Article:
Grumbles of actresses 'playing it safe' with their outfits on Oscar night is the stuff of fashion cliche.
By Penny Martin
There were high hopes in fashion circles, therefore, for Monday's Sex and the City film premiere.
Fantastic clothes, after all, are its "sixth character". And with reports of tensions between the ever-glamorous co-stars over what they would wear to the film's opening night in London's Leicester Square, all eyes were on the arrival of the fabulous four.
To the chants of a near-hysterical crowd, Sarah Jessica Parker unveiled a show-stopping spring ensemble by British designer Alexander McQueen.
An exquisite, strapless, chartreuse tulle and feather prom dress, teamed with a witty Philip Treacy hat festooned with flowers and butterflies, looked fresh and pretty on the 43-year-old actress.
The delicately pleated tulle criss-crossed over the bodice to accentuate the star's exceedingly narrow waist; an effect she exaggerated as she twirled atop five-inch heels, to the press pack's delight.
Asked of her outfit's exact provenance, Parker played to the local crowd: "A Brit, I think you're familiar with him!"
Supporting another British fashion revolutionary was English-born actress Kim Cattrall, resplendent in a scarlet, off-the-shoulder taffeta dress by Vivienne Westwood.
The cowl neck that is the designer's trademark tantalisingly exposed the actress's decollete.
The effect was one of classical beauty rather than the explicit sexuality of Cattrall's character, Samantha Jones.
Michelle Ryan showed off her figure in her purple Herve Leger number
An asymmetrical, knee-length hemline and bustle detail added "directional" touches that prevented the 51-year-old from looking boring - or worse, stately.
Red is considered an "appropriate" colour for premiere dressing and was much in evidence at the Oscars in February.
Also dressed in scarlet, Kristin Davis fuelled rumours that not even the four co-stars were party to details of each other's outfits.
On stepping out her car, the actress visibly blanched at the sight of Cattrall's dress.
Davis opted for "vintage": a sleeveless, calf-length chiffon sheath.
Despite the gentle pleats defining its inner corsetry, Davis's choice was less structured than her fans have come to expect of her character Charlotte York.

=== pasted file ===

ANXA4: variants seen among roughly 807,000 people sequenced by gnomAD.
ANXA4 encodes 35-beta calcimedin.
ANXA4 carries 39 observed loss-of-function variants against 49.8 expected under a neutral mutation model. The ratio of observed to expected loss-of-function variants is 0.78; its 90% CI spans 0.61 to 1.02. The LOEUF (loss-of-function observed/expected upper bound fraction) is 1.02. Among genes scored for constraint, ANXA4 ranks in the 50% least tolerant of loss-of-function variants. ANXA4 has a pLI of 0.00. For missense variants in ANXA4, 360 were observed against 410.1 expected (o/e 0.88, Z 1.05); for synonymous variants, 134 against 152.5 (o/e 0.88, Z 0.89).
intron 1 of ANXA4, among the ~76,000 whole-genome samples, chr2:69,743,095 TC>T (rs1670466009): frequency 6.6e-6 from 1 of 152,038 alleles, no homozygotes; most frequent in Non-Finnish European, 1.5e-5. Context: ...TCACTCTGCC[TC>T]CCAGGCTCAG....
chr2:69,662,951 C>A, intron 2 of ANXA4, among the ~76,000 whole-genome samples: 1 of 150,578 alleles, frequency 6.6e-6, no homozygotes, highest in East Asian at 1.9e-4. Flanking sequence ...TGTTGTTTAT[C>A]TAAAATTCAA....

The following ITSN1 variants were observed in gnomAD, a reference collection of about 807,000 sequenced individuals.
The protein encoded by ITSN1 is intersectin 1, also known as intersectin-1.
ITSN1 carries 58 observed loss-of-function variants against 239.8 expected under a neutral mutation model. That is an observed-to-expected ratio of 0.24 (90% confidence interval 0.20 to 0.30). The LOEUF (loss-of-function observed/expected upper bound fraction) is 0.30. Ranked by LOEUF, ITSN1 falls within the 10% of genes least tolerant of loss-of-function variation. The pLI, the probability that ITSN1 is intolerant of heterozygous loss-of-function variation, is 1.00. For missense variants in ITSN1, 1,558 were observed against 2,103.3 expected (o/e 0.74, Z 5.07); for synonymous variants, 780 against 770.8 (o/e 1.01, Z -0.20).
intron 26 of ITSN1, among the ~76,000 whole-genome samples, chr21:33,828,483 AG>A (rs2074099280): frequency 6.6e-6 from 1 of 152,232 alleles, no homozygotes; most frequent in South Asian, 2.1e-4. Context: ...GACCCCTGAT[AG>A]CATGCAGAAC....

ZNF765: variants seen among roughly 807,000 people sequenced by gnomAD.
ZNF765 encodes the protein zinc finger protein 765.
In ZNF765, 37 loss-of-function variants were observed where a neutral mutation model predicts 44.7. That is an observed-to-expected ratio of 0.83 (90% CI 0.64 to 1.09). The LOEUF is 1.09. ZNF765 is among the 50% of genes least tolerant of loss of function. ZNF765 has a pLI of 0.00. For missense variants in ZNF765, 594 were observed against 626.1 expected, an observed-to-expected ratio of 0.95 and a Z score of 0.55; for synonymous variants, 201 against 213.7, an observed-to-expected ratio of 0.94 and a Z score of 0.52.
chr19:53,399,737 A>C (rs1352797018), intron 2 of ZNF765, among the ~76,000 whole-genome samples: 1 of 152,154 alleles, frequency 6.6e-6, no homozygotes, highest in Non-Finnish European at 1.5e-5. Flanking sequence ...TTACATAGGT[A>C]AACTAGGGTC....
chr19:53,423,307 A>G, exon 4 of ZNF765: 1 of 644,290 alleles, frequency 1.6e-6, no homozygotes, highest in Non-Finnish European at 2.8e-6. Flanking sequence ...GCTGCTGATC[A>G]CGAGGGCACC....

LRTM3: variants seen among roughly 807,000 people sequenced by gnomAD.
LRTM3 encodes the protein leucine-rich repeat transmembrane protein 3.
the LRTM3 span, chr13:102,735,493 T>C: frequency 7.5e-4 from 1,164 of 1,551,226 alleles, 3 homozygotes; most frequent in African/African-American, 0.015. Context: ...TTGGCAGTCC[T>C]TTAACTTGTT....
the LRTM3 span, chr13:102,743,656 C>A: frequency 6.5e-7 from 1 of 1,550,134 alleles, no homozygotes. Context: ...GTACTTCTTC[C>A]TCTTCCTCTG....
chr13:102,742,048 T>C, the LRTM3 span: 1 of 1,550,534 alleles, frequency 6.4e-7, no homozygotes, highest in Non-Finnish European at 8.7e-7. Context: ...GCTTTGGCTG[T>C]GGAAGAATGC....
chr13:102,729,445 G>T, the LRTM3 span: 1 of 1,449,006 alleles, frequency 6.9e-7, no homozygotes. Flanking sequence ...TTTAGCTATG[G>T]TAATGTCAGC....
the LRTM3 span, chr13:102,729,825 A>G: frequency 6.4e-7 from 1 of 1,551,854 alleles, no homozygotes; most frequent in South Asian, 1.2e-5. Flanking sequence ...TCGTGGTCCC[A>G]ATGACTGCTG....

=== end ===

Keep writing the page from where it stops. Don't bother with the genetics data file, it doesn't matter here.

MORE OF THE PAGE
Covered to the neck, it was demure, yes, but perhaps the least ravishing of the four.
Singer Roisin Murphy supported young London talent
Miranda Hobbes struggled with her weight throughout the plotline and wore the least appealing clothes.
To make matters worse for poor Cynthia Nixon who played her, the show's stylist Patricia Field has been quoted as saying the actress was difficult to dress because of her innate lack of style.
Nixon's detractors will be staggered to note that hers was the most fashion-conscious statement of all: a daring, black maxi dress by Francisco Costa for Calvin Klein.
Two finely-pleated straps, cut to her waist, barely concealed Nixon's breasts, and the actress looked more like Charlotte Rampling in Night Porter than the uptight lawyer Nixon plays in the show.
Floor-grazing gowns were conspicuous by their absence, however, as a more informal "day dressing" spirit prevailed among the other guests (not a glove to be seen).
Recalling Sharon Stone's controversial decision to wear a Gap turtleneck to the 1996 Oscars, model and presenter Lisa Snowden teamed a graphic, black-and-white print skirt with a cap sleeved black T-shirt.
Flattering, certainly, but no more formal than you might wear to the office. Ashes to Ashes star Keeley Hawes conveyed coy sweetness rather than high glamour, in a dove grey baby-doll day dress with cutaway detail.
Meanwhile, surprise hit of the night Kelly Osborne scrubbed up beautifully, her hair as slick as her elegant black coatdress.
Football wife Alex Curran was the first to arrive
The style honours should go to singer Roisin Murphy and ex EastEnders actress Michelle Ryan, both of whom opted for conspicuous fashion.
In perhaps the most striking look of the night, Murphy also supported British design, sporting an elegant black silk dress with orange and purple sashes by the London-based Russian designer Roksanda Ilincic.
The purple "multi-step" hat was perhaps an accessory too far, but full marks for trying.
Similarly, Ryan may have looked slightly self conscious in her skin-tight, purple Herve Leger number, but it showed off her figure to full advantage.
Of course, sometimes too much of a good thing is, well, a bad thing. Leave it to Alex Curran's naughty nurse get-up to prove the old fashion adage: legs or cleavage, never both.